‘Ferrari’ (2023)

With his business on the brink of financial ruin and the shadow of death falling over his personal and professional life, a single-minded Enzo Ferrari (Adam Driver), a former Italian racing car driver, racing team founder and auto industrialist, is more focused in 1957 on winning the Mille Miglia, a perilous 1,000-mile race, and reviving the faltering biz than dealing with domestic matters with his wife, played with fiery zeal by Penelope Cruz. When did auteurs hold a meeting to decide that Adam Driver is Italian? The first hour feels borrowed from Ridley Scott’s “House of Gucci” (2021), over-relying on a melodramatic caricature of how Italian characters act. Unlike Scott, director Michael Mann’s intention is not to ridicule his subject but to bring his decadeslong admiration for Brock Yates’ 1991 Ferrari biography to theaters. Before plunging viewers into the chaotic story, he should have provided more context and explored deeper themes like “Ford v Ferrari” (2019), for which Mann served as an executive producer. Instead, he holds the false assumption that his audience is coming to his latest film with as much knowledge about the subject as he has. The film finally gets on track in the second half with intense performances from Driver and Cruz as husband and wife parrying for control of the company – she brings much of the money to the table initially. The denouement features an unflinching accident that will likely leave theatergoers traumatized but may not translate as well to smaller screens. (Sarah G. Vincent) At Landmark Kendall Square Cinema, 355 Binney St., Kendall Square; Somerville Theatre, 55 Davis Square; and AMC Assembly Row 12, 395 Artisan Way, Assembly Square, Somerville.  


‘Leave the World Behind’ (2023)

I love dystopian tales, though most I read disappoint. Rumaan Alam’s “Leave the World Behind” hit the middle ground. Adapted by “Mr. Robot” creator Sam Esmail as a Netflix offering starring Ethan Hawke, Oscar-winner Julia Roberts (“Erin Brockovich”) and multiple Oscar-winner Mahershala Ali (“Green Book,” “Moonlight”), like Alam’s book it begins with promise as the Sandfords (Hawke and Roberts, with Farrah Mackenzie and Charlie Evans as their kids) rent a lavish house in the Hamptons. The Wi-Fi is a bit wonky, the top-shelf booze in the liquor cabinet is in tantalizing view to renters but under lock and key and not to be had – and while at the beach, a giant oil tanker slowly but surely runs aground, sending all the well-to-dos scattering. Shortly afterward the Internet effectively dies, the news is slim and flickering and power comes and goes. Adding to the weirdness is the self-driven pile up of white Teslas that block any return to the city and the menacing mob of deer who seem to know what’s up. Then the house’s owner, G.H. Scott (Ali) and his daughter Ruth (Myha’la) show up seeking a safe place and offering a VRBO discount so they can hang out in the guest suite. Matters of race and class get touched upon with a feather, while the rest of what’s going on gets left annoyingly vague – something that worked better in “White Noise” (2022) or “The Trigger Effect” (1996). Roberts and Hawke’s characters are drawn with the thinnest of brushes, though the film does find some daubs of intrigue in the teasing tensions between Robert’s Amanda and G.H. and Hawke’s Clay and Ruth and the insert of Kevin Bacon as a “get off my lawn” survivalist. (Tom Meek) On Netflix.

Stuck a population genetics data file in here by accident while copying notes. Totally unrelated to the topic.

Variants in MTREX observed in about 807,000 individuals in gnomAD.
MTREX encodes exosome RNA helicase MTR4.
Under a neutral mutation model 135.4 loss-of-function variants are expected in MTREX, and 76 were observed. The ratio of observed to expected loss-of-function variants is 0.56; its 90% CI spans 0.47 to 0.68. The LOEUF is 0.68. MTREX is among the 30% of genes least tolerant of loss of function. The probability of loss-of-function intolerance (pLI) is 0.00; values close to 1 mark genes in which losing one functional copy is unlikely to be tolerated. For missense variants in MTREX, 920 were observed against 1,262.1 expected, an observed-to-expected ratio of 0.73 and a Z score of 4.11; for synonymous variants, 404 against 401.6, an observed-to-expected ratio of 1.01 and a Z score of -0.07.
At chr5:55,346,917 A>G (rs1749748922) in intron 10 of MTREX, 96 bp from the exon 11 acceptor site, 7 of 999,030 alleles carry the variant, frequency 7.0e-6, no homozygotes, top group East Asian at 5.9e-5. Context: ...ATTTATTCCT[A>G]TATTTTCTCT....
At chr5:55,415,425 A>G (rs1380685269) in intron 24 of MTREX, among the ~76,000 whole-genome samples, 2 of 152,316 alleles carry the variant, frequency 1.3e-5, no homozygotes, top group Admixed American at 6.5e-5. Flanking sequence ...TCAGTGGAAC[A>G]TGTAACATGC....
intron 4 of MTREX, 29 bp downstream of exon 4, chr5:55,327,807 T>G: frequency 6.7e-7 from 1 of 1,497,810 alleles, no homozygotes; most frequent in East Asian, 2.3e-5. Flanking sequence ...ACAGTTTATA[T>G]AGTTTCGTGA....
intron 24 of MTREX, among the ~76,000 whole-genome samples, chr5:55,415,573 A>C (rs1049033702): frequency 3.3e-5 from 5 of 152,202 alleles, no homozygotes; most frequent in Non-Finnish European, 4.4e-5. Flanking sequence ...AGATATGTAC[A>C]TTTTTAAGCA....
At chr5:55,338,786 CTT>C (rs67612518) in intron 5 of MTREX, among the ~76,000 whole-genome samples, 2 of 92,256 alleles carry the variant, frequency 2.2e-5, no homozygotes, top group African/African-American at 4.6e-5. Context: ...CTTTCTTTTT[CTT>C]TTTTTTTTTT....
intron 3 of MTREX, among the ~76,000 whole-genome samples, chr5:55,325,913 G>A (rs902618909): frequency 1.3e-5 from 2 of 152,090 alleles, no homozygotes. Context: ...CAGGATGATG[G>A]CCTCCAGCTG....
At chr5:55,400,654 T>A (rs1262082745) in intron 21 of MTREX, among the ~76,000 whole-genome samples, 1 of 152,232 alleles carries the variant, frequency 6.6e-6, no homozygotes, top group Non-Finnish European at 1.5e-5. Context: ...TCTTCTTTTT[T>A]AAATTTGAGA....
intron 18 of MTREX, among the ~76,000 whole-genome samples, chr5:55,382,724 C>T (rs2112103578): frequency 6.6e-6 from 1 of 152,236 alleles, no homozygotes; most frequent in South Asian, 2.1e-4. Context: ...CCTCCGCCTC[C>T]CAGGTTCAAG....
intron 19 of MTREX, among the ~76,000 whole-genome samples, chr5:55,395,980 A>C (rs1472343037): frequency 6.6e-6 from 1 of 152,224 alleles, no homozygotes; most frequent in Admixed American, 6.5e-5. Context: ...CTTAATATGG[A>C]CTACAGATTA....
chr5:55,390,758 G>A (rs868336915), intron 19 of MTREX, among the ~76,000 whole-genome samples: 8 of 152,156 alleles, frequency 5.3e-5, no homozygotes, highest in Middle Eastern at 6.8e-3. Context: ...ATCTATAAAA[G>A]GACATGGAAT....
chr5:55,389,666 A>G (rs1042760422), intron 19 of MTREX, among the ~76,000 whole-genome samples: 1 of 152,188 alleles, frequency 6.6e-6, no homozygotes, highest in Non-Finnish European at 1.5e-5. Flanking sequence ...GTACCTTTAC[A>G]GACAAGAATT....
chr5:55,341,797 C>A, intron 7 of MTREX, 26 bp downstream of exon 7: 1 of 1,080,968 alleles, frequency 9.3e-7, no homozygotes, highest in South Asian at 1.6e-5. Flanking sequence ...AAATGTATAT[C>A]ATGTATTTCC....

‘The Boys in the Boat’ (2023)

There was a time when George Clooney the filmmaker showed promise and bite with his game take on Chuck Barris’ gonzo autobiography “Confessions of a Dangerous Mind” (2002) and a dark look at newsman Edward J. Murrow taking on McCarthyism in the 2005 “Good Night, and Good Luck.” With such watered-down fare as “The Monuments Men” (2014) and the turgid sci-fi last-survivor yawn “The Midnight Sky” (2020), he’s been more “what was” than “could be,” though he did notch a bit of a reprieve with the palpably felt “Tender Bar” in 2021. That said, his adaptation of Daniel James Brown’s beloved nonfiction tale of the Washington University crew team that goes to Berlin in 1936 and wins gold moves with all the grace an overladen trash scow. Missing are the deep Depression-era travails that confront main subject Joe (Callum Turner, “Green Room”), whom Brown interviewed for the book late in his life. What we have is a by-the-numbers, remedial execution with such an over-the-top cartoonish rendering of Hitler that it becomes about all one can think about – boys in what boat? Clooney must have been sipping scotch and watching Chaplin’s “The Great Dictator” (1940), which was intentional in its farce. Joel Edgerton (“Loving”) rights the ship some as stoic Wash U crew coach Al Ubrickson. The period re-creations and touches on class division in America at the time intrigue some, but get roiled in the eddies of Clooney’s flat, perfunctory strokes. (Tom Meek) Opening Christmas Day at Kendall Square and Assembly Row.

Cambridge writer Tom Meek’s reviews, essays, short stories and articles have appeared in WBUR’s The ARTery, The Boston Phoenix, The Boston Globe, The Rumpus, The Charleston City Paper and SLAB literary journal. Tom is also a member of the Boston Society of Film Critics and rides his bike everywhere.